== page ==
Pirates of Penzance to Premiere at Porter Theatre
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“The Pirates of Penzance” first premiered in New York City, Dec. 1879. In “Pirates,” Frederic, the male lead, has just been released from an apprenticeship to a band of benevolent pirates. He meets and falls in love with the major-general’s daughter, Mabel. Hilarity ensues when Frederic’s pirate friends come ashore with him.
John Blondell, director and chair of theater arts, and Michael Shasberger, music director and Adams chair of music, cast the show after auditions in early September. The company was taken from an array of Westmont students from all departments, but mostly music and theater students.
Blondell chose to produce “Pirates” for several reasons. First, he realized that he has “a multi-talented bunch of students in the department right now, who are real actors and real singers.” The musical aspect also draws in students from the music department and other students who would not usually participate. Blondell also wanted to produce something light-hearted, and believed the department can make something “great on all levels.” The comic dimension of the piece and fantastic score were both determining factors as well.
The prospect of a comic operetta like “Pirates” is “new and fresh and also rather scary” to Blondell.
“I like to breathe fresh life into plays that we think we know. I wanted to make something fresh and vibrant, and that was satisfying on dramatic, theatrical and musical levels,” Blondell said.
Blondell and Shasberger created a cast that fulfills and balances both the musical and dramatic needs of the show.
Blondell said the casting gives opportunities for the performers to do a variety of things within the show. “Everyone is on stage for much of the show, and what has resulted is a dynamic, theatrical and very talented company of performers,” he said.
The casting of students included Megan Silberstein, a fourth-year music major, as Mabel, the female lead.
On the subject of putting the show together, Silberstein said, “Dr. Blondell encouraged us to step away from the 19th century conventions usually associated with this piratical tale, and to instead focus on the show's fundamental drama.”
She said that the company was inspired to disregard what had already been tried with the show before. “It enabled us to discover the intricacies of the show, the weight of the drama, and bring our own ideas to the characters which we aim to faithfully present onstage,” said Silberstein.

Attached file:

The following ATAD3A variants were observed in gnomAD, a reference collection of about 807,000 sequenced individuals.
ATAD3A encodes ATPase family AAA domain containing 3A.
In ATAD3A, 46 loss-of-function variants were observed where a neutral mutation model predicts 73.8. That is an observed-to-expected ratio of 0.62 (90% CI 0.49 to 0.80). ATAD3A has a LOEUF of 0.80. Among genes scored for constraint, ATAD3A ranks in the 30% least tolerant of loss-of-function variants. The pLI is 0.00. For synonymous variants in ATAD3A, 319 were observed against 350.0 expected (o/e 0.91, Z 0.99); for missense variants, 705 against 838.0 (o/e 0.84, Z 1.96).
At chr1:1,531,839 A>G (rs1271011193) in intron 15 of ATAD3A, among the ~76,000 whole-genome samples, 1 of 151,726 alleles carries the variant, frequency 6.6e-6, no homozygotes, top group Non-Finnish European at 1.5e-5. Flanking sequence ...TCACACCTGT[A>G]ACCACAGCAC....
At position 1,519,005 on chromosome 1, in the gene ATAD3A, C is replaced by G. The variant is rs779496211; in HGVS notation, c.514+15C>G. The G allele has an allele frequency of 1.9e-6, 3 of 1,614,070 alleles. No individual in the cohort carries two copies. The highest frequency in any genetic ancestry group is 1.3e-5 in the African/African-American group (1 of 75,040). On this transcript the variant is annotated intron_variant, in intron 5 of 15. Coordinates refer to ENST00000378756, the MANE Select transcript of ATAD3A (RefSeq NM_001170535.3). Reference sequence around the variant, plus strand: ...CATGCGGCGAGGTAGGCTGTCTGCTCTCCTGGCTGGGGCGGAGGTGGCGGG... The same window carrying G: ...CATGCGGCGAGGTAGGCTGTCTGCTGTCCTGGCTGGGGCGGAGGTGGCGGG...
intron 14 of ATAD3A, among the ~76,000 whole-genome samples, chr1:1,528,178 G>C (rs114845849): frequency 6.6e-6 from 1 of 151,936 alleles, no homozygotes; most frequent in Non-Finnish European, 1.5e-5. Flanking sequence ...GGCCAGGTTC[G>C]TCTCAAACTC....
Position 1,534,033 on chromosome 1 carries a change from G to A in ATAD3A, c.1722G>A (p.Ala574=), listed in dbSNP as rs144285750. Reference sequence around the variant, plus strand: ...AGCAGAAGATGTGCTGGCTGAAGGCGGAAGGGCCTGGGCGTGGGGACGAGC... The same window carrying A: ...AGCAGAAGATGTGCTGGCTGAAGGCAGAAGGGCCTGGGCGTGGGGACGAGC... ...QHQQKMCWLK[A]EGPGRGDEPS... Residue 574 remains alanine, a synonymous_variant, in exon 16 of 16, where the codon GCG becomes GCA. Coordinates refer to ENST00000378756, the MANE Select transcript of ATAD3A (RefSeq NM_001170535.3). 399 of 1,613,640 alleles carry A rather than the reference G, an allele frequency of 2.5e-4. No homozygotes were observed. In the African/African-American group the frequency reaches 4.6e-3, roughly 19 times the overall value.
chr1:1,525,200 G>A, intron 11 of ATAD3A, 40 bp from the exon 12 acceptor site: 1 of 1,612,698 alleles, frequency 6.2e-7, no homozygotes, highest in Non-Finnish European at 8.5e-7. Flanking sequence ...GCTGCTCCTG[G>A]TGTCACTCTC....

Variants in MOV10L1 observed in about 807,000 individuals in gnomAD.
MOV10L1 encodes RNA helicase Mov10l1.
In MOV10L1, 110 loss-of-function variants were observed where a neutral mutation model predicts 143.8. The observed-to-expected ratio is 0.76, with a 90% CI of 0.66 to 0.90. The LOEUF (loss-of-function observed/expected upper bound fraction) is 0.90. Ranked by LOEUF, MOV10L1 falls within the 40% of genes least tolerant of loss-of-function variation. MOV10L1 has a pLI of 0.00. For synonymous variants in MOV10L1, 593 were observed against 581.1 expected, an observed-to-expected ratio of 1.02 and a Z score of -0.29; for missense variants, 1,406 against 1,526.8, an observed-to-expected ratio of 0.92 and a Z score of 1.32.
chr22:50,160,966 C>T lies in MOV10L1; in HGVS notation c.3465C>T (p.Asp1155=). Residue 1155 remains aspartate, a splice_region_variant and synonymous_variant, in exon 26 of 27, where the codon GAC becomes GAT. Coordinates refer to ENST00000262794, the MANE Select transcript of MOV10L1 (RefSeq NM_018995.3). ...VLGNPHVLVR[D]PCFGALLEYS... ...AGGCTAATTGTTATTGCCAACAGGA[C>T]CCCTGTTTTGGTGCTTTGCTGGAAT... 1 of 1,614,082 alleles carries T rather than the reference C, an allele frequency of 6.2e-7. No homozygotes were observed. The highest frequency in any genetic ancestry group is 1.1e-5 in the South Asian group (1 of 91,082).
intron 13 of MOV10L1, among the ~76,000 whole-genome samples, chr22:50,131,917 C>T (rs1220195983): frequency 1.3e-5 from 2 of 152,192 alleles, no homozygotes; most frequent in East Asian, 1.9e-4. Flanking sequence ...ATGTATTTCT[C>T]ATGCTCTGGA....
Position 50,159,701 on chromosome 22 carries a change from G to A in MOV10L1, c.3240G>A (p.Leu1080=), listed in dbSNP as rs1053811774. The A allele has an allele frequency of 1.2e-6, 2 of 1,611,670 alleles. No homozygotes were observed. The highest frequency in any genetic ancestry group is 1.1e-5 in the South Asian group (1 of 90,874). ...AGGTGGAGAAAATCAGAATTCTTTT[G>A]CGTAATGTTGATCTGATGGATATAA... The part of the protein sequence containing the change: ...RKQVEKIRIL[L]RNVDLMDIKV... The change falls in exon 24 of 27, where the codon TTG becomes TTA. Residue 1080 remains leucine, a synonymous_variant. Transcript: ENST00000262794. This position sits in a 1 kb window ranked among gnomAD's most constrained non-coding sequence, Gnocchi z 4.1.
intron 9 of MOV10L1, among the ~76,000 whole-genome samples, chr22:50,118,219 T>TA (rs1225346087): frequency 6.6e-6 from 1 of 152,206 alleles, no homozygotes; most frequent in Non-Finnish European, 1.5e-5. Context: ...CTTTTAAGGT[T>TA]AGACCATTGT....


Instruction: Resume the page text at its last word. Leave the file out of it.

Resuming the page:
Blondell likewise said the show will differ from previous performances, which focused on late 19th-century theatrical conventions and visual styles. He said, “Those productions can get rather artificial, somewhat goofy and can become parodies of situations rather than the situations themselves.”
He wanted to develop something that focused on the music and exposes some of the reality of the situations rather than parodies. Blondell said he wants something “fresh, vivid and expertly performed.”
Blondell shared his excitement and high expectations of “Pirates,” saying, “I think that people will be amazed at the performance level of the piece. The show looks and sounds very mature and professional, and I have been blessed to work with such a great group of faculty and guest collaborators and student artists.”
The show, Silberstein said, “is a must-see, because it has something for everyone. It will delight an audience of diversified tastes with its drama, humor, music, dancing and artful presentation.”
She said that the atmosphere and “comically tragic circumstances” in which the characters find themselves are mesmerizing, and the “fusion of musical virtuosity with dynamic characters is magical.”
The “Pirates” production will feature a live on-stage orchestra chosen from the Westmont Orchestra. Shasberger said, “Having live musicians gives the actors on stage the opportunity to be more spontaneous as they react with the orchestra rather than being constrained to a tape.”
Shasberger believes student participation in the orchestra will be beneficial to all. He said, “It is a great experience for our student musicians every bit as much as it is for our student actors.”
On the subject of the musical style, Shasberger said, “Experiencing Gilbert & Sullivan for those who are interested in musical theatre is rather like experiencing Shakespeare for those who like literature.” He said “Pirates” is one of the most well-loved examples of their work, and should not be missed.
In a final word from Silberstein, “Our production is unique and personal. Please come to the pirate's lair, affectionately known as Porter Theatre, and find out for yourself!”
“The Pirates of Penzance,” a two-act Gilbert and Sullivan comic opera, opens at Westmont’s Porter Theater, Oct. 17. It continues on the 18 and 19, 23 and 26–27. Tickets are only $10 for students and $15 general admission.